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Most Americans believe that economic inequality is too high, and many think that higher taxes are the answer. There is some disagreement about who should pay higher taxes, but there is broad agreement about who should not. At least since the heyday of the Occupy Wall Street movement, 'We Are the 99 Percent'' has been the dividing line.

“Those in the 1 percent are walking off with the riches, but in doing so they have provided nothing but anxiety and insecurity to the 99 percent,” explained Nobel laureate Joseph Stiglitz in his 2012 book The Price of Inequality. The “main fault line in the American society is ... between the 1 percent and everybody else,” insisted celebrated economists Emanuel Saez and Gabriel Zucman in their book The Triumph of Injustice, published amid the 2020 presidential campaign. Dramatic wealth tax proposals by Democratic presidential candidates Senators Bernie Sanders and Elizabeth Warren, chair of the tax-writing committee Senator Ron Wyden, and even an income taxation plan by Representative Alexandria Ocasio-Cortez do not come close to hiking taxes on anyone below the 1 percent threshold. The same is true of the suggestions by numerous tax academics considering how to tax the rich.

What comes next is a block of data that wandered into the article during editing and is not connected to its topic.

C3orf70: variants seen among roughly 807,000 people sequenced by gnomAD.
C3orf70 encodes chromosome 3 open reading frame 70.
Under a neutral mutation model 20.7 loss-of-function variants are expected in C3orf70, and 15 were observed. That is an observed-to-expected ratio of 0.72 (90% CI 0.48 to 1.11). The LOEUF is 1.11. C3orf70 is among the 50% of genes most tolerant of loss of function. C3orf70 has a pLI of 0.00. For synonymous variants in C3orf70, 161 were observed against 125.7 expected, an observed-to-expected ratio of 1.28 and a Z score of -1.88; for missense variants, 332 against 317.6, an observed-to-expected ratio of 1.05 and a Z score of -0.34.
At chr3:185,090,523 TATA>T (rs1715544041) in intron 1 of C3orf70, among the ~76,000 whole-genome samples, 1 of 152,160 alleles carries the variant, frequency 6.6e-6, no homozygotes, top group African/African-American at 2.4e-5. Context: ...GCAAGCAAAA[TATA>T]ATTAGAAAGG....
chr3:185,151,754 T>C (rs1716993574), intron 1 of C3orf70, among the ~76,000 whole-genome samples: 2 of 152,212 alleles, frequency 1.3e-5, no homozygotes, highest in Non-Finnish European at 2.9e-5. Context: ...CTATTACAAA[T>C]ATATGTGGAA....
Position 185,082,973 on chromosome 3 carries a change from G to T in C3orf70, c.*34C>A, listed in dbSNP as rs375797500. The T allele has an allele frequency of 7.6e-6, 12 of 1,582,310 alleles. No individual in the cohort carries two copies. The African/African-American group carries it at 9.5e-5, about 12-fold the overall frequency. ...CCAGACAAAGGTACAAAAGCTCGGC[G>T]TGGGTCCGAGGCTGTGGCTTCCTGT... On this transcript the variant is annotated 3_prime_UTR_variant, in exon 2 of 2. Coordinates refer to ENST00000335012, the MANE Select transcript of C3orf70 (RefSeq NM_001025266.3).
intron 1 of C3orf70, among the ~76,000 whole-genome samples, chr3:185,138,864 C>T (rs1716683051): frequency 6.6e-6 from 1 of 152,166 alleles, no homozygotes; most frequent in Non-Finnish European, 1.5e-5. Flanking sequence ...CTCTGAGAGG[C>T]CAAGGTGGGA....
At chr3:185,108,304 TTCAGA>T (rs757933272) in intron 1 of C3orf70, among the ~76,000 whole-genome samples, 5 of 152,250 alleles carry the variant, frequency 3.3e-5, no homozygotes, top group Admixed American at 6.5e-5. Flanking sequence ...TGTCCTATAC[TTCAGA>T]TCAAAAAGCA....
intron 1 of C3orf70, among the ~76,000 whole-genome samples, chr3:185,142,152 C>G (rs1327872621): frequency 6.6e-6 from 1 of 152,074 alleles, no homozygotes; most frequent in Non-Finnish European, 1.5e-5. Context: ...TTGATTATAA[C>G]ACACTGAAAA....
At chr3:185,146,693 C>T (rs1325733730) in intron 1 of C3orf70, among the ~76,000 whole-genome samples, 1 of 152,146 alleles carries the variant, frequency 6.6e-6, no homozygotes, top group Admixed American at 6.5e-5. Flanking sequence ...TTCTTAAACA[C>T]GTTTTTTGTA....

Inequality and Stratification | Law | Law and Politics